Clouds are the root signs of the air. When you can recognize and understand their significances the pilot can negotiate each flight with confidence. Although clouds are among the most spectacular features of our weather, they are rarely welcomed by aircrew. Clouds obscure surface features and aircraft and also envelope high ground and may be associated with severe turbulence and rain. The main difficulties are associated with thick clouds with very low base and particularly affect aircraft attempting to take-off or land. An experienced observer can sometimes judge from the appearance of clouds that a region of bad weather is moving faster or slower than originally expected, or some special hazard is developing.

Definition of Cloud

a. Cirrus Detached clouds of delicate and fibrous appearance, without shading, generally white in color and often of silky appearance.

b. Cirrostratus A thin whitish veil which dies not blurs the outline of the sun or moon. This type of cloud often gives rise to halves.

c. Cirrocumulus A corridor layer or patch composed of small white flacks, or very small globular masses without shadows and arranged in groups or lines, but more often in ripples like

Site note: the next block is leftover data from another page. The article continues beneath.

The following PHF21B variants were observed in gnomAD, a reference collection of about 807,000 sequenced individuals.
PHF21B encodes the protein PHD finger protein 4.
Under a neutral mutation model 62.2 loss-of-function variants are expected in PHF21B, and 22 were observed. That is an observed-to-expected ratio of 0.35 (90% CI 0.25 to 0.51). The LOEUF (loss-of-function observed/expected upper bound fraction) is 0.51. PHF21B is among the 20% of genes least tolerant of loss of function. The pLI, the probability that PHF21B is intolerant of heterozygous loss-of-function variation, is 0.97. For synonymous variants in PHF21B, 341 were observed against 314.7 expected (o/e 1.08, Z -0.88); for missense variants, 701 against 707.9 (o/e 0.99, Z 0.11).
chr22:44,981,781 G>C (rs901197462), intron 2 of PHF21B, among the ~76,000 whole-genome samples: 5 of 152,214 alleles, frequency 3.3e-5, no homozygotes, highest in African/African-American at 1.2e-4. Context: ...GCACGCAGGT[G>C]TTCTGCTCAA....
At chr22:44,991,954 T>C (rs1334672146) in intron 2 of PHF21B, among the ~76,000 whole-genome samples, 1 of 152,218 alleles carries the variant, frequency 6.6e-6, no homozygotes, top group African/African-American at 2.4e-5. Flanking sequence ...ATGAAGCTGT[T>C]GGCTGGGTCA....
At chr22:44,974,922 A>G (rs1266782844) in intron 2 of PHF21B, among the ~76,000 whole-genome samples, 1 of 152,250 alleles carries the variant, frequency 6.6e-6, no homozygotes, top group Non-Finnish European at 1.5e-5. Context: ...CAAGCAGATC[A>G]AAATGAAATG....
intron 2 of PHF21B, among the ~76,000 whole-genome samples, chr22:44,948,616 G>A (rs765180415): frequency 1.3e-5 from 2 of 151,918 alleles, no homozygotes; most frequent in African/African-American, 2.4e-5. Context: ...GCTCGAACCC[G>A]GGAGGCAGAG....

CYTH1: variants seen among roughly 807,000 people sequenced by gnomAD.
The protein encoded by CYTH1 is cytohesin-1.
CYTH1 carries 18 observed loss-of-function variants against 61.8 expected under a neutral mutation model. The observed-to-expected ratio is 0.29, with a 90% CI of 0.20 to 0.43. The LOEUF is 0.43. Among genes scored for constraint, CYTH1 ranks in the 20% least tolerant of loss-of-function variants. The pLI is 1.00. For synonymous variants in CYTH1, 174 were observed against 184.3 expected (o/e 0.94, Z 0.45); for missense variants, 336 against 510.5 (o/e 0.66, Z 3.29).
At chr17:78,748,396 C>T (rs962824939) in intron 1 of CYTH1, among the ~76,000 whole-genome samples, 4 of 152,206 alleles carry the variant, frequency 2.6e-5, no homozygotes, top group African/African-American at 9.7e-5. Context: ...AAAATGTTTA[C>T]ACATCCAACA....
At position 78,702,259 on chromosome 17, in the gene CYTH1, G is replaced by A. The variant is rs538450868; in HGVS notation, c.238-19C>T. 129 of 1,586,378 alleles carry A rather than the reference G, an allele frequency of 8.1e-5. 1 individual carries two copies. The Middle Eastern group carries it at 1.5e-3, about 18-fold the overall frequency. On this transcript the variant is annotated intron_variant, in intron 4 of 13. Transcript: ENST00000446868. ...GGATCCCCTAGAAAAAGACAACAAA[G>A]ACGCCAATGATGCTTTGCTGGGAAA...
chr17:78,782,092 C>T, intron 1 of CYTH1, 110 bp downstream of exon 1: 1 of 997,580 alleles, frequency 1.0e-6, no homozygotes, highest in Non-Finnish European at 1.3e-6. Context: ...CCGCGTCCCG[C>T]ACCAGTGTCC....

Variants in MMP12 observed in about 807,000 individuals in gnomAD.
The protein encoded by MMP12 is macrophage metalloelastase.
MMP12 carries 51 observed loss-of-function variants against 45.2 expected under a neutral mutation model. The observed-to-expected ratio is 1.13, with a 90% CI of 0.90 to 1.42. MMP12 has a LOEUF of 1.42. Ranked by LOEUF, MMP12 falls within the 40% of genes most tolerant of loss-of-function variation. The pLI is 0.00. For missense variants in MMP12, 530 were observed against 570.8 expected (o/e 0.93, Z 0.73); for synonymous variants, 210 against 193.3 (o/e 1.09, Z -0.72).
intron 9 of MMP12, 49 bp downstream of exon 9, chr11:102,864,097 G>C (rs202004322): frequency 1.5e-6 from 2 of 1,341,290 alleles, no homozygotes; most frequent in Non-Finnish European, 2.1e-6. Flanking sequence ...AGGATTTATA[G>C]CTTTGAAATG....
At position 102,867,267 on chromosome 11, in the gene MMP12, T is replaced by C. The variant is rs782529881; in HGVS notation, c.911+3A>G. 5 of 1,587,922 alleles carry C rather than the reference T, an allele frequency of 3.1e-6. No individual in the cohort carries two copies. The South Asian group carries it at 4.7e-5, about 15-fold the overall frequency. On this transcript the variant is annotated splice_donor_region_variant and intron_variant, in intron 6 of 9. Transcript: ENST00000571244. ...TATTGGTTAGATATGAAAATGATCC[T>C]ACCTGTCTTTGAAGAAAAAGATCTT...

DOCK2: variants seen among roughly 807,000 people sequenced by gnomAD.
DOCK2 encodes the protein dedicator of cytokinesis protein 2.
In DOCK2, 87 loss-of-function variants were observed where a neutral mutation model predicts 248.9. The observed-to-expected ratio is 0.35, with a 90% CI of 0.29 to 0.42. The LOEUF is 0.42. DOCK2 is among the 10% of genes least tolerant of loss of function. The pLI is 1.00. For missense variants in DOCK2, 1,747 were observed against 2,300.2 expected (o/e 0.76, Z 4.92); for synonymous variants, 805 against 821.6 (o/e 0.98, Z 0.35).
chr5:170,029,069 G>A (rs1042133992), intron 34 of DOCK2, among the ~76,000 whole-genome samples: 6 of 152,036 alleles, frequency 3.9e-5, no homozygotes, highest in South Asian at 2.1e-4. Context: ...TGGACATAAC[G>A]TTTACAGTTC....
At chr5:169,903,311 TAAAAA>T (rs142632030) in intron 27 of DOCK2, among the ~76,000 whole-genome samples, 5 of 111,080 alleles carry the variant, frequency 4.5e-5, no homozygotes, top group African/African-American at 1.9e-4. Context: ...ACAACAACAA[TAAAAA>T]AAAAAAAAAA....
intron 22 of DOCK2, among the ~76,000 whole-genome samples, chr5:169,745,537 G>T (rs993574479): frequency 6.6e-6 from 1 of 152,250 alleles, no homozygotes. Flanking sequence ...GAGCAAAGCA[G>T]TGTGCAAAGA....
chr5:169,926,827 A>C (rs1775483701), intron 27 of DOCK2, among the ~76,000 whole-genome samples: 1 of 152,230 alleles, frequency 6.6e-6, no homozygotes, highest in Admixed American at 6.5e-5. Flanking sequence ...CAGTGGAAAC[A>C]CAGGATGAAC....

d. Altocumulus A layer, or patches composed of lamina or rather flattened globular masses, the smallest elements of the regularly arranged layer being fairly small and thin, with or without shading. The elements may be arranged in groups. The clouds often resembles Cirrocumulus but on a larger scale.

e. Altostratus Striated or fibrous veil, more or less gray or bluish in color. The sun or moon shine through the cloud vaguely, as through ground glass, and may eventually be completely obscured by the cloud. Altostratus is like thick Cirrostratus but does not produce a halo.

f. Nimbostratus A low, amorphous, and rainy layer of dark gray cloud and nearly uniform appearance.

g. Stratus A uniform but usually shallow layer of cloud resembling fog but with its base above the general level.

h. Stratocumulus A layer or patches composed of globular masses or rolls. The smallest of the regularly arranged elements are fairly large, they are soft and gray with darker parts. The cloudlets are often arranged in groups, lines or waves, aligned in one or two directions and the rolls may be as close that their edges join.

i. Cumulus Thick cloud with vertical development, the upper surface is dome-shape while the base is nearly horizontal.

j. Cumulonimbus Thick cloud with develop the thunderstorm, lightning, strong wind and rain which is hazardous to aircraft flying.

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Airspace Reservation